This browser is not actively supported anymore. For the best passle experience, we strongly recommend you upgrade your browser.
viewpoints
Welcome to Reed Smith's viewpoints — timely commentary from our lawyers on topics relevant to your business and wider industry. Browse to see the latest news and subscribe to receive updates on topics that matter to you, directly to your mailbox.
| 2 minutes read

The Supreme Court Bars International Arbitration from Sec. 1782 Discovery


The Supreme court has acknowledged that “Congress has long allowed federal courts to assist foreign or international adjudicative bodies in evidence gathering.”  ZF Automotive Us, Inc., Et Al. V. Luxshare, Ltd., No. 21–401, slip op. at 1 (S.Ct. June 13, 2022). The current iteration of the statute permitting such assistance, 28 U.S.C. §1782, “permits district courts to order testimony or the production of evidence under the broad US discovery rules ‘for use in a proceeding in a foreign or international tribunal.’” Id.  

On June 13, 2022, the U.S. Supreme Court addressed the conflict in the circuits regarding whether Section 1782 applies to international arbitration tribunals.  It held that it does not. Id. at 1.  The issue the Court addressed was whether a “foreign or international tribunal” includes private adjudicative bodies (such as international arbitration tribunals) or only governmental or intergovernmental bodies.  Id. at 5.   The court construed the operative language in Section 1782 as follows:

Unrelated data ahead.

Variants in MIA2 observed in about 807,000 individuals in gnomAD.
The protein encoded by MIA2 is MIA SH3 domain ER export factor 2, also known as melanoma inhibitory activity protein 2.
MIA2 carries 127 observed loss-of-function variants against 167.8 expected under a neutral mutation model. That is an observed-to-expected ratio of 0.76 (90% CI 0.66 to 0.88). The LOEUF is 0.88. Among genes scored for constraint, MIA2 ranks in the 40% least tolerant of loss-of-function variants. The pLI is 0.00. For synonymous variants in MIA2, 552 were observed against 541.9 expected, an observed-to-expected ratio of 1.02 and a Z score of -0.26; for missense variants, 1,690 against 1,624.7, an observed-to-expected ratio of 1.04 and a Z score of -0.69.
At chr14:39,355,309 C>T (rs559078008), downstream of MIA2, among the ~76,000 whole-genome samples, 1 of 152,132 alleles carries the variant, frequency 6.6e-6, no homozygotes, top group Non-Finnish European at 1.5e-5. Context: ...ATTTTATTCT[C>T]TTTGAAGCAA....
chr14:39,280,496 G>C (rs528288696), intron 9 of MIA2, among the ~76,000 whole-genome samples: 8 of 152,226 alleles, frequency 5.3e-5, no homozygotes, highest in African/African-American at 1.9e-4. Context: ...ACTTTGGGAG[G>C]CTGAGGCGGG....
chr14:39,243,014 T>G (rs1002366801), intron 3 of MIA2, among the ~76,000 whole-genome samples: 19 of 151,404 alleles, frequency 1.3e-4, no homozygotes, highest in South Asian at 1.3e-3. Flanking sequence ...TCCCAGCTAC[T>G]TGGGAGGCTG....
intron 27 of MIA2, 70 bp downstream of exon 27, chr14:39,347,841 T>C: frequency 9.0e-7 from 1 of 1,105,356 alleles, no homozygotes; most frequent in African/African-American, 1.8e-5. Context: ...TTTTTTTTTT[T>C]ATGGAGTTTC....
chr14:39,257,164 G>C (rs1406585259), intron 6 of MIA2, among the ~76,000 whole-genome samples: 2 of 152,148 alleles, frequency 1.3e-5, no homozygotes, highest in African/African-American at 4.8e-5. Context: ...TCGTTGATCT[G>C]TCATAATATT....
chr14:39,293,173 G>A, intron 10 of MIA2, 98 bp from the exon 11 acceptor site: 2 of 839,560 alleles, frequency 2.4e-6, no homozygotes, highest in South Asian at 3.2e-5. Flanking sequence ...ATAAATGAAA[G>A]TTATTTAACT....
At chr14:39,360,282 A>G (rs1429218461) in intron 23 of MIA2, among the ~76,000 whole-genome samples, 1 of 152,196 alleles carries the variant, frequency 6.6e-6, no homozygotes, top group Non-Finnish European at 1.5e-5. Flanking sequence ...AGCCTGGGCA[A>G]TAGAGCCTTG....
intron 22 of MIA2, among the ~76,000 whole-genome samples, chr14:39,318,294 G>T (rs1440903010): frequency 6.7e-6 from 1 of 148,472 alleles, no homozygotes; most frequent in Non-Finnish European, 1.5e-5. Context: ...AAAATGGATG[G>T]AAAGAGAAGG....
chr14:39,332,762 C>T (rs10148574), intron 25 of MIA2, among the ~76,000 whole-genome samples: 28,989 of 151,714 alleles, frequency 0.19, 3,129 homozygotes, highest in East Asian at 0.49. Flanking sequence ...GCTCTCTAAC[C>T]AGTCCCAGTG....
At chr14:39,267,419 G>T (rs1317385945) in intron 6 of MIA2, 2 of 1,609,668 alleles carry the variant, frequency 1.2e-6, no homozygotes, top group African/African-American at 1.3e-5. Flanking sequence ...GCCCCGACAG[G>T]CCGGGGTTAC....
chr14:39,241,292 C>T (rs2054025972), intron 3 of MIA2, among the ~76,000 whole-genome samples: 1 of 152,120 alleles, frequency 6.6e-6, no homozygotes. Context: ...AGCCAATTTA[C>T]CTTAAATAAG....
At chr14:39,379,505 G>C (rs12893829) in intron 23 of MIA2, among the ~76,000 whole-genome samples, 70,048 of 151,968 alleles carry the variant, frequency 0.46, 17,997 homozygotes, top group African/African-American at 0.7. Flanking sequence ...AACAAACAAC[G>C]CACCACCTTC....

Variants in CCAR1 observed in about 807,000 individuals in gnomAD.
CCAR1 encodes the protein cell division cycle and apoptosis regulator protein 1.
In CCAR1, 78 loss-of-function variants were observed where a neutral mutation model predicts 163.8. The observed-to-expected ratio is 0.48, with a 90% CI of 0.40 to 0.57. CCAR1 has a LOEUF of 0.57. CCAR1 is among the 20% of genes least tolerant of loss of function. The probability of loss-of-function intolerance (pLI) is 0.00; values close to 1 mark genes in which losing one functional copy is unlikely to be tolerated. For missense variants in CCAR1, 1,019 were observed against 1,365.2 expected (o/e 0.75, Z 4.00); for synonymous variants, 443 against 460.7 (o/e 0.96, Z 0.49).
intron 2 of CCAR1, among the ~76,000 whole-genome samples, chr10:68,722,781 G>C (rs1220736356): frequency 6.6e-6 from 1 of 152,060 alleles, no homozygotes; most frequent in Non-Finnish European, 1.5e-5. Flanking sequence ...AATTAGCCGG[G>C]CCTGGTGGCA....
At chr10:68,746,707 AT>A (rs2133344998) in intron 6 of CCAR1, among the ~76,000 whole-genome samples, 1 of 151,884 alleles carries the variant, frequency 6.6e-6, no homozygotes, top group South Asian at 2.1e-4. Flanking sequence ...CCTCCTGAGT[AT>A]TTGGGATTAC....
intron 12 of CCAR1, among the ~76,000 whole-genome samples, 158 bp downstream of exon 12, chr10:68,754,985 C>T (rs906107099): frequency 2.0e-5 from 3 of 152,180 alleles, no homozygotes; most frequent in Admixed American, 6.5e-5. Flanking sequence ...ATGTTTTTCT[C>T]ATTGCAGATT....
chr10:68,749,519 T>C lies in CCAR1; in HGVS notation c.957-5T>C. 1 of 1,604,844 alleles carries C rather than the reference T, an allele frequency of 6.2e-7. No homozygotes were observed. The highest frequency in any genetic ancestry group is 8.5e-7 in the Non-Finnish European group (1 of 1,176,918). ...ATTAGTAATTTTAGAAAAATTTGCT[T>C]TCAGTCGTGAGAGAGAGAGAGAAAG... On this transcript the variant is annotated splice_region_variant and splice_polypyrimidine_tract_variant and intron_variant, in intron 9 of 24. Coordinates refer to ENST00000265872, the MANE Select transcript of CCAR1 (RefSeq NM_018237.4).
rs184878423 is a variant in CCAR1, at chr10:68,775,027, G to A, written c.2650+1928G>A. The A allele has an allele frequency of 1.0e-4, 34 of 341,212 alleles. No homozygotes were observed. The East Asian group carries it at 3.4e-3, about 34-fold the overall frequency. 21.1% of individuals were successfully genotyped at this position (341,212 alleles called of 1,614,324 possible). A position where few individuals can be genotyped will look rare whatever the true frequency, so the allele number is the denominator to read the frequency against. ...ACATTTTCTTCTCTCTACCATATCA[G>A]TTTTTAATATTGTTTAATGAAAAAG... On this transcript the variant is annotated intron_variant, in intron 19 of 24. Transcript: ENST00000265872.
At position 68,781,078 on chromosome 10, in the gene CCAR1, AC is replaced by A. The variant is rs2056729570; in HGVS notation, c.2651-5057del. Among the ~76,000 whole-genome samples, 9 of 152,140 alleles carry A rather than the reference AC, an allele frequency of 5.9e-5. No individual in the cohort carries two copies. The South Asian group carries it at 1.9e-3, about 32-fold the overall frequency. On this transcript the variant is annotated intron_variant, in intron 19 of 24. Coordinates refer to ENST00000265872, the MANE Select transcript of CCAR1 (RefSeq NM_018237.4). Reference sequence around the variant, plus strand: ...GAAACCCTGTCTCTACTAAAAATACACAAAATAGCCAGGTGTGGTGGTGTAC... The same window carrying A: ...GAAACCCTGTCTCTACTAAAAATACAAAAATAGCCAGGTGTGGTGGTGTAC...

“[F]oreign tribunal” and “international tribunal” complement one another; the former is a tribunal imbued with governmental authority by one nation, and the latter is a tribunal imbued with governmental authority by multiple nations.  

Id. at 9.  The Court recognized that the statutory history of section 1782 sought the improvement of “the rendering of assistance to foreign courts and quasi-judicial agencies,” and did not reference private adjudicative bodies such as arbitration tribunals.  Id. at 10.  International arbitration tribunals are private adjudicatory bodies not imbued with such governmental authority.  Id. at 11. 

Further, Section 1782 provides much broader U.S.-style discovery than provided by the FAA. Id. at 11 (citing as examples differences in who can request discovery and the availability of prearbitration discovery).  Extending Section 1782 to international arbitration tribunals would create a mismatch in the scope of permissible discovery between domestic and international arbitration under which international arbitration would have much broader litigation-style discovery rights. Id.   

The tribunal summarized its reasoning as follows: 

In sum, we hold that §1782 requires a “foreign or international tribunal” to be governmental or intergovernmental. Thus, a “foreign tribunal” is one that exercises governmental authority conferred by a single nation, and an “international tribunal” is one that exercises governmental authority conferred by two or more nations. Private adjudicatory bodies do not fall within §1782. 

Id. at 11.  To ensure that the issue was fully settled, the opinion was issued on a consolidation of two proceedings, one was a traditional international commercial arbitration, and the other was an investor/state UNCITRAL proceeding under a bilateral investment treaty. Id. at 13-16 (finding that neither type of arbitration tribunal was imbued with governmental authority).   

Accordingly, Section 1782 discovery is no longer available in support of international arbitration proceedings.    

Tags

arbitration, discovery, section 1782

Latest Insights